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Why Newtown's path to healing goes through Oklahoma and Colorado

Newtown, Conn., teens traveled to Oklahoma and Colorado to do service projects. The trips are designed to give the teenagers perspective and to empower them.

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    In July 2014 Clare Boyle, left, Kate Fallon, center, and Rachel Wolf, right, move stones during the group's service project in Loveland, Colo. The annual service trip is run by Ben’s Lighthouse, a nonprofit founded to help children from Newtown, Conn., recover from the December 2012 massacre at Sandy Hook Elementary School. The organization is named after 6-year-old victim Ben Wheeler. The third annual trip will be in July 2015 to Colorado help rebuild homes devastated in the previous year’s flooding.
    (Ben's Lighthouse/Sue Vogelman via AP)
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Seven months after a gunman killed 26 people inside Sandy Hook Elementary School, an organization formed to help Newtown's children deal with the tragedy took 19 teenagers to Oklahoma, where they assisted in the cleanup from a series of devastating tornados.

The Rev. Wendy Lambert, who lost her father in the Oklahoma City bombing, said she was overwhelmed by the compassion and empathy of the Connecticut teens. She said their meeting gave a sense of connectedness to all those involved, and helped them redefine their tragedies in their own terms.

"What I shared with them is that the violence that I saw in the act of the bombing did not outweigh the human kindness that I saw pouring out in the aftermath," Lambert said. "The kindness and the goodness completely outweighs the momentary violence that we experienced."

The next summer, 20 more Newtown teens traveled to Colorado to help people there rebuild their homes after destructive floods. A third group is headed back to Colorado next month.

"For me it was about being able to finally do something," said 17-year-old Brenna Kelly, who went on the Oklahoma trip. "The trip was the best way, for me at least, to finally feel like I was helping."

The service trips are run by Ben's Lighthouse, named after 6-year-old Ben Wheeler, one of the 20 children killed in the December 2012 shooting in Newtown. The organization also runs community-building, counseling and coping activities for younger children affected by the Sandy Hook massacre.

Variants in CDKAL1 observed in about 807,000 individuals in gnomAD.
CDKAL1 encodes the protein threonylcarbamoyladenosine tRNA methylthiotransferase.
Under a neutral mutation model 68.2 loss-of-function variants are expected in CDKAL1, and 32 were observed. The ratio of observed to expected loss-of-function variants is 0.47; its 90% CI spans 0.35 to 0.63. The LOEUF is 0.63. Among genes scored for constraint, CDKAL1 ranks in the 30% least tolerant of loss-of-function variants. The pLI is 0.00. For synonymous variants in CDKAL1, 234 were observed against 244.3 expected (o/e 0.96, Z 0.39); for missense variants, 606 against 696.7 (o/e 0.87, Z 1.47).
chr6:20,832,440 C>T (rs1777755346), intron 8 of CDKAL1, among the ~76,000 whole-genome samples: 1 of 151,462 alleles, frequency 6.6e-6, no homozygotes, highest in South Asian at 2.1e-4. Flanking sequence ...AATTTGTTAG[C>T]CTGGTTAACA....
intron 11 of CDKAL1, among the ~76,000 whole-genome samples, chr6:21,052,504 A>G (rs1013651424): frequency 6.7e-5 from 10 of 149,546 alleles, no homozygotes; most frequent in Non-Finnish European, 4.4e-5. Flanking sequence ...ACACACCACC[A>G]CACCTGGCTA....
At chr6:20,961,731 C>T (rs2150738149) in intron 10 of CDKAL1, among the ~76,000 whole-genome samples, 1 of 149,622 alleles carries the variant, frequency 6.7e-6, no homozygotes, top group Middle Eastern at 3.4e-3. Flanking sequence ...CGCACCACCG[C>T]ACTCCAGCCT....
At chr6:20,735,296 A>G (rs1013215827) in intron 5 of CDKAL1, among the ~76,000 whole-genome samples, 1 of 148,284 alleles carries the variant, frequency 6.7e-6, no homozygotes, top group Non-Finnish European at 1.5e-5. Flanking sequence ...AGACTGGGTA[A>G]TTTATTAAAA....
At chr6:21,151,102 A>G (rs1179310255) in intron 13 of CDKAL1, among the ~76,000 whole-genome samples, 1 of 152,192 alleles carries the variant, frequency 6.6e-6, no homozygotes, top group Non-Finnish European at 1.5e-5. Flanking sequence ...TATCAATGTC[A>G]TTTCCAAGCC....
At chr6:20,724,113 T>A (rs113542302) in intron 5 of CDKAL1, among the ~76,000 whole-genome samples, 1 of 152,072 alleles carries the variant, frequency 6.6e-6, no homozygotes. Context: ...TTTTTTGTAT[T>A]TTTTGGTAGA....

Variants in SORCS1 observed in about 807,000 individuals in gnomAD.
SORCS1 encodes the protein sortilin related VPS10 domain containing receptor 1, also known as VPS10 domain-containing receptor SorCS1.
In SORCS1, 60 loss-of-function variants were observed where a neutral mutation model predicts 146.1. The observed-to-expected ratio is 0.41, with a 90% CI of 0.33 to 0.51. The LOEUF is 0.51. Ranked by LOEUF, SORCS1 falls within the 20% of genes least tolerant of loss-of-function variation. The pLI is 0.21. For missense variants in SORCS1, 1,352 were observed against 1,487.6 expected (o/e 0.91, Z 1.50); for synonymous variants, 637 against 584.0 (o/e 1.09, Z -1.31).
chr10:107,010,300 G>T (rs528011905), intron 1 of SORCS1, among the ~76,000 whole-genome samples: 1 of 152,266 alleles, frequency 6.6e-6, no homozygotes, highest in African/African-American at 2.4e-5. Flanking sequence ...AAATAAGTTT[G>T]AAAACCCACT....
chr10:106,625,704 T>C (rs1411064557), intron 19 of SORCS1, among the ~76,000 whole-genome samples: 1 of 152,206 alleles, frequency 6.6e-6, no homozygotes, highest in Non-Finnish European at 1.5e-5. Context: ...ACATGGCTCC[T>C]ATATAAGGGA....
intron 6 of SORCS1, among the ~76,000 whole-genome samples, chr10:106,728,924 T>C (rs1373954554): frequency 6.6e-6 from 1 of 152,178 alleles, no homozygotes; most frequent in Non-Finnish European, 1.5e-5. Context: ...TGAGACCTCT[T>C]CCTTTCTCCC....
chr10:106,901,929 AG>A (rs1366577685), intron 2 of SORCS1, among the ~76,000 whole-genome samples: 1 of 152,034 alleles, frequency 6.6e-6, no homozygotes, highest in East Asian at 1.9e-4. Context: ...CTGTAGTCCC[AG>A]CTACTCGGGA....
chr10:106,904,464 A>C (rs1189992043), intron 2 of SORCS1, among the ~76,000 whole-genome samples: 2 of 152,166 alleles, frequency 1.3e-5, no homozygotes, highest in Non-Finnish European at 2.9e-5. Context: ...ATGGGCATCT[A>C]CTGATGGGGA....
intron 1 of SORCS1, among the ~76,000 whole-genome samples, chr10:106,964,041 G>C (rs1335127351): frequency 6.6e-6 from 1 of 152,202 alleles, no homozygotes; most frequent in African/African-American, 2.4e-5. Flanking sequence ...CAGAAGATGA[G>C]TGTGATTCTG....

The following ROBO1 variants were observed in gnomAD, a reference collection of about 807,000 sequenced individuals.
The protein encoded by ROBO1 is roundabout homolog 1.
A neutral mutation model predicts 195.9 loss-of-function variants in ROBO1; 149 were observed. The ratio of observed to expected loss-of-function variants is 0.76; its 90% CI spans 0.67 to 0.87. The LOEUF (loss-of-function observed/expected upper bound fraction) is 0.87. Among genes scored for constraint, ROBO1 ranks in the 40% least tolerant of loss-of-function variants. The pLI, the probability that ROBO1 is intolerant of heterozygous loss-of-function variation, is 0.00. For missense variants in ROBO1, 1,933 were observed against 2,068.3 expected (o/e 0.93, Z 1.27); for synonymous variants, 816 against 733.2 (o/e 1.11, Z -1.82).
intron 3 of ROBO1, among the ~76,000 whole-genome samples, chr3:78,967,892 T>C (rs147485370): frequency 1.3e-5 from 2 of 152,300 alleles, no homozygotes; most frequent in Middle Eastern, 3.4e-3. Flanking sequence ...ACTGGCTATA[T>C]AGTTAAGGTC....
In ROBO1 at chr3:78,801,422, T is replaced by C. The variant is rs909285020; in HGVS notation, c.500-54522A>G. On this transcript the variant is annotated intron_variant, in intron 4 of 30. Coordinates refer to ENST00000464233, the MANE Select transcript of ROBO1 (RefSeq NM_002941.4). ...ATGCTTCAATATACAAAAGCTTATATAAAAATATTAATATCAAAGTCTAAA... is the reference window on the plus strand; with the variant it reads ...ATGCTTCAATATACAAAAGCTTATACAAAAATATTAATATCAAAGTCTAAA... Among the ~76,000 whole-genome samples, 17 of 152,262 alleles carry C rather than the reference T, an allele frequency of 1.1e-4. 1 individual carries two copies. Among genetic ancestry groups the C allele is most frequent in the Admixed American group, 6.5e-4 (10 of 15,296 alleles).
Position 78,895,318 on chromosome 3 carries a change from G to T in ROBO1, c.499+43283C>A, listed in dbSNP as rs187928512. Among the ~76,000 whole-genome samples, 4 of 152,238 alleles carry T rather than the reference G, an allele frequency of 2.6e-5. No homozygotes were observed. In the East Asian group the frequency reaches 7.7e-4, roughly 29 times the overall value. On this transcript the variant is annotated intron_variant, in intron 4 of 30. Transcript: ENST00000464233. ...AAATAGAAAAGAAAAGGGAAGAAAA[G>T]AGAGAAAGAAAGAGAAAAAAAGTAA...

Chairman Rick Haylon said the trips are designed to give the teenagers perspective and to empower them at a time when many, like Kelly, feel powerless.

The teens are chosen from a large group of volunteers. They include some who were close to Sandy Hook victims and others who were affected simply by being part of the Newtown community. All expenses are paid for by Ben's Lighthouse, which is funded by private donations.

"We believe that these trips help the teens come to grips with how their lives have changed and how 'being from Newtown' can be perceived by the outside world," Haylon said. "It also shows them how they can take their experiences, individually or collectively, and turn them into a positive result."

Cayden Dunn, 15, said it also gave him an outlet to talk about the Sandy Hook tragedy, something he said he didn't know he needed to do, until he traveled to Loveland, Colorado. His mom signed him up for the trip.

He spent a week replacing plasterboard inside the flooded-out home of an older couple. The husband and wife had been living on an upper floor ever since a river diverted its course through their downstairs, destroying much of it and leaving a tree in the living room.

"I really connected with the dad," he said. "When I was working, or supposed to be working, we had some long, really good talks just about life in general and how things happen to you."

The first group of teens also visited the memorial in Oklahoma City to the victims of the 1995 bombing at the Alfred P. Murrah Federal Building. The second group took a side trip to Littleton, Colorado, to see the memorial for the victims of the Columbine High School shooting. Both groups met with family members who lost loved ones in those tragedies and shared experiences.

Kelly said she was especially touched by a fence in Oklahoma City that was covered in messages of hope and love and even included some bracelets of support for victims of Sandy Hook.

Dunn and 15-year-old Teresa Forlenzo said they came away from Colorado with a renewed sense of hope that things can get better.

"We're not alone and we can heal, just like they healed," Forlenzo said. "And God forbid something else should happen somewhere else, we can help teach those people that they can heal as well."

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